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Health briefs: from tracking tantrums to junk food's effect on memory

Our weekely round-up of health news.

All lights out

A new study by researchers at the Lighting Research Center (LRC) at Rensselaer Polytechnic Institute, New York, has found that using an electronic gadget such as a mobile phone or tablet for two hours before bedtime can cause sleep problems.

“Our study shows that a two-hour exposure to light from self-luminous electronic displays can suppress melatonin by about 22 per cent,” said Mariana Figueiro, an associate professor at Rensselaer and the director of the LRC’s Light and Health Programme.

Melatonin is the chemical that controls our body clock and Figueiro says that stimulating the human circadian system may affect sleep among those who use the devices prior to bedtime. It is thought that teenagers are particularly susceptible to the problem.

Tracking tantrums

A study from Northwestern University, US, has found that frequent tantrums in infants could be a sign of early mental health problems. Researchers developed a questionnaire – the Multidimensional Assessment of Preschool Disruptive Behaviour – designed to distinguish between the typical misbehaviour of early childhood and more serious misbehaviour.

The results of the study, answered by the parents of about 1,500 children of ages 3 to 5, allowed researchers to rate children along a continuum of behaviour from typical to atypical. An atypical tantrum is one that occurs “out of the blue” or is so intense that a child becomes exhausted. When these atypical tantrums occur regularly, they become a cause for concern.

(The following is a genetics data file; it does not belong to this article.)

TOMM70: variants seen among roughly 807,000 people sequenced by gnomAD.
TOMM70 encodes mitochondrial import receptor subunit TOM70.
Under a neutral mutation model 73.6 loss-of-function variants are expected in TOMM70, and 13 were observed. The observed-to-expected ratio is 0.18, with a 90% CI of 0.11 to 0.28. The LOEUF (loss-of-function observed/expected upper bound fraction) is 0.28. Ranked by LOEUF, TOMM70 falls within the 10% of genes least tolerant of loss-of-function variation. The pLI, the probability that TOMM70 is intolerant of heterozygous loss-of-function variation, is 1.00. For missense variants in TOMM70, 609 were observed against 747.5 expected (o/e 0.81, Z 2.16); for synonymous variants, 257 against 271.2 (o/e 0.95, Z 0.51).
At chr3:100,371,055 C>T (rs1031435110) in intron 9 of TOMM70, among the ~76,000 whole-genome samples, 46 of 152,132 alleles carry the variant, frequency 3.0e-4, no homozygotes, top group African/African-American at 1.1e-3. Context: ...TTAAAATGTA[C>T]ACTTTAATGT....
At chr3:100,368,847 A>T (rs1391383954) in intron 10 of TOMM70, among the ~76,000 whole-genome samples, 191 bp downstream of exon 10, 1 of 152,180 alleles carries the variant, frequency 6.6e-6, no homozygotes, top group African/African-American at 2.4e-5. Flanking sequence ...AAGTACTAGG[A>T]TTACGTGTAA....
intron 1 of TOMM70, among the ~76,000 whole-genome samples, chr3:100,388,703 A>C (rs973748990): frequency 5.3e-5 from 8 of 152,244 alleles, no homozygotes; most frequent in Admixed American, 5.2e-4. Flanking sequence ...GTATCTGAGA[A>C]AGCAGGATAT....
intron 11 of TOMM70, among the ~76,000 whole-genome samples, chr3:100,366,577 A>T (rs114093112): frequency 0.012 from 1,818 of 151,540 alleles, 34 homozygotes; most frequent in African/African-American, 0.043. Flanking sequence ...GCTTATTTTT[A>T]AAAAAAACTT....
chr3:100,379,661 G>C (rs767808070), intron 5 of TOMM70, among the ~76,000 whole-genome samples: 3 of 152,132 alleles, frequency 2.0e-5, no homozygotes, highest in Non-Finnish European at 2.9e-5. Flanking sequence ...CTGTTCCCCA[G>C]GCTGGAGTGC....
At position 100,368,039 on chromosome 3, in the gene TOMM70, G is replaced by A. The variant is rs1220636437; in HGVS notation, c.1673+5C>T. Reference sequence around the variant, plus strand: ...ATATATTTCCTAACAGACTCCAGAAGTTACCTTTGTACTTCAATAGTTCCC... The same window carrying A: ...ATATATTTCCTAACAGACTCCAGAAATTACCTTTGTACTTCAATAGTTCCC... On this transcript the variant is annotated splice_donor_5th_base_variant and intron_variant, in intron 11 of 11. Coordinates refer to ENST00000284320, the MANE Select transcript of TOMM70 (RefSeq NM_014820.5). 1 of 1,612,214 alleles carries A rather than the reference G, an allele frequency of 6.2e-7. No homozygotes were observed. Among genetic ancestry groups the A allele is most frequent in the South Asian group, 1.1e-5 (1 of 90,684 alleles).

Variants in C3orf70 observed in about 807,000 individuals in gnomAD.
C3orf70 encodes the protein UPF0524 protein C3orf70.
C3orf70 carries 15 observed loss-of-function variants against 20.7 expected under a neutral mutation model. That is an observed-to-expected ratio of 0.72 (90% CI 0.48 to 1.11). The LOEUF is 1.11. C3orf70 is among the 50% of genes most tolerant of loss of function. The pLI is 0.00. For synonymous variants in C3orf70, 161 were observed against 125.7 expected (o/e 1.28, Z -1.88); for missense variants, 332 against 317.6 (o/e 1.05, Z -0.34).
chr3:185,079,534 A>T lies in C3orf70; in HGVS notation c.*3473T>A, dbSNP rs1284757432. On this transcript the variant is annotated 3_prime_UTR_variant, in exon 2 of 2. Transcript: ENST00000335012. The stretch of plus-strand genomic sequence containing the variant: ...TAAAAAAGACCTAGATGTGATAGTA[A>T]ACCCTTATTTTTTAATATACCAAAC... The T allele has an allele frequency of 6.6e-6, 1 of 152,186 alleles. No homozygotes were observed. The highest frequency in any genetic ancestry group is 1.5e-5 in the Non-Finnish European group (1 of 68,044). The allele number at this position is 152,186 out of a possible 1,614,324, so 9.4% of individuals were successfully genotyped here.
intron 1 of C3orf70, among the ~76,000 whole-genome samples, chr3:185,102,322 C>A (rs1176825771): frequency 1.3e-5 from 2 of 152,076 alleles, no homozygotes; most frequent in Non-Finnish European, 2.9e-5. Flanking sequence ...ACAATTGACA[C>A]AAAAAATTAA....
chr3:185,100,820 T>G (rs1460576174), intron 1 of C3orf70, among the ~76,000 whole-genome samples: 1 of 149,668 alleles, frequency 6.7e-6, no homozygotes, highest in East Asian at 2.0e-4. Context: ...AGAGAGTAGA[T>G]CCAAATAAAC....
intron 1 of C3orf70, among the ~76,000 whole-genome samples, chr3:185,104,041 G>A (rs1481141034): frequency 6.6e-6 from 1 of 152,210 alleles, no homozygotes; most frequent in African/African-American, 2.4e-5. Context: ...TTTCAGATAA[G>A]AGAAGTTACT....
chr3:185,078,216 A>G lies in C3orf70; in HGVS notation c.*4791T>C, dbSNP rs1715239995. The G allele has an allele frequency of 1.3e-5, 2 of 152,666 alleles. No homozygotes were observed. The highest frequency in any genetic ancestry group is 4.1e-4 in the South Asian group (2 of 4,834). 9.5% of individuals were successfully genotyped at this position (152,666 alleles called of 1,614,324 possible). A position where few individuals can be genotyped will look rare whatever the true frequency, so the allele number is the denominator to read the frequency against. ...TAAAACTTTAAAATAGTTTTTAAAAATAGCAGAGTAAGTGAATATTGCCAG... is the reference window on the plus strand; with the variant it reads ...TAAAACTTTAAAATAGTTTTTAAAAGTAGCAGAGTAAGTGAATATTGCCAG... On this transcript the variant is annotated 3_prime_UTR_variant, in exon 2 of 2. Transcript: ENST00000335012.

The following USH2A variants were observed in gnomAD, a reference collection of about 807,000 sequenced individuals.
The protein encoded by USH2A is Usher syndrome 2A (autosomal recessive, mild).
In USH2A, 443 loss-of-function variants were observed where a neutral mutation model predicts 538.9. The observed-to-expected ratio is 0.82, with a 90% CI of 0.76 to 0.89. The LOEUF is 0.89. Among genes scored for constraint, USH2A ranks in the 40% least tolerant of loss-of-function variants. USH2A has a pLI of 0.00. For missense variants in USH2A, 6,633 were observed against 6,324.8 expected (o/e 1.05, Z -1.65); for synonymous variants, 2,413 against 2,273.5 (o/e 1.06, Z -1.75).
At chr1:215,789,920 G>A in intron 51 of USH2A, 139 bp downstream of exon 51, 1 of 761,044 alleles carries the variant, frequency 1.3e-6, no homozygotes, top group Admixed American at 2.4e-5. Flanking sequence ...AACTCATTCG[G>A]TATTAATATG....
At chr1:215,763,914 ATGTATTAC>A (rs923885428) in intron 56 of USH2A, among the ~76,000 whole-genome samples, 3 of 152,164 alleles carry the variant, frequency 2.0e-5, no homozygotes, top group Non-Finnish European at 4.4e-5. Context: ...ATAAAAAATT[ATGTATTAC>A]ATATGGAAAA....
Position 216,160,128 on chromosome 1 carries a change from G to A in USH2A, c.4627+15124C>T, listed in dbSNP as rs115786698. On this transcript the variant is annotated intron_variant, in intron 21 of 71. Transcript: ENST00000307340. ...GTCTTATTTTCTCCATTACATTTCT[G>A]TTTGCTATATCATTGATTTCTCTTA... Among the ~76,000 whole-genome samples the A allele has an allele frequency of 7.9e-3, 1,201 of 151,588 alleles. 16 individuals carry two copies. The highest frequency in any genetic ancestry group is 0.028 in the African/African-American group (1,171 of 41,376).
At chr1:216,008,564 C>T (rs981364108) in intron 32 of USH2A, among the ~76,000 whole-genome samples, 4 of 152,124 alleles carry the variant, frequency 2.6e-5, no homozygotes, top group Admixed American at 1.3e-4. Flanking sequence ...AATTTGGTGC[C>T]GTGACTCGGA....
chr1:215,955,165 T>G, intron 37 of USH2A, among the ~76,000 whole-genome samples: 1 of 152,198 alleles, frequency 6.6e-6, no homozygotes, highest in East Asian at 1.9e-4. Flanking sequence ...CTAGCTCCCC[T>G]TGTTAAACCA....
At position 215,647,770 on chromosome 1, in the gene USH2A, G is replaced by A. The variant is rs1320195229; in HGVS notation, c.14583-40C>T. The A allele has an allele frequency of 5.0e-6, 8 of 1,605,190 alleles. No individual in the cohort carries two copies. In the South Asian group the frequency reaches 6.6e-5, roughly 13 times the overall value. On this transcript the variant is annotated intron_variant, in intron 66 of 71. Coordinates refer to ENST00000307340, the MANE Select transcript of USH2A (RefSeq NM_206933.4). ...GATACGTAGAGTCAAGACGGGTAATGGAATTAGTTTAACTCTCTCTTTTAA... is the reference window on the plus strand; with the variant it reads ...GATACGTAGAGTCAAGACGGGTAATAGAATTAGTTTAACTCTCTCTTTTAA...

The questionnaire enables early identification and treatment of emerging mental health problems, which is key in preventing children from developing chronic mental health problems, according to the Journal of Child Psychology and Psychiatry.

Fatty foods hurt memory

Junk food could give you dementia through high blood pressure and cholesterol, which interrupt blood supply to the brain, according to a report.

Studies on animals suggest that high levels of fatty and sugary food could damage the brain by interrupting its supply of insulin. Insulin is required to regulate brain chemicals key to memory and learning, to make and strengthen connections between brain cells and to maintain the blood vessels that supply the brain with blood and oxygen, the journal New Scientist reports.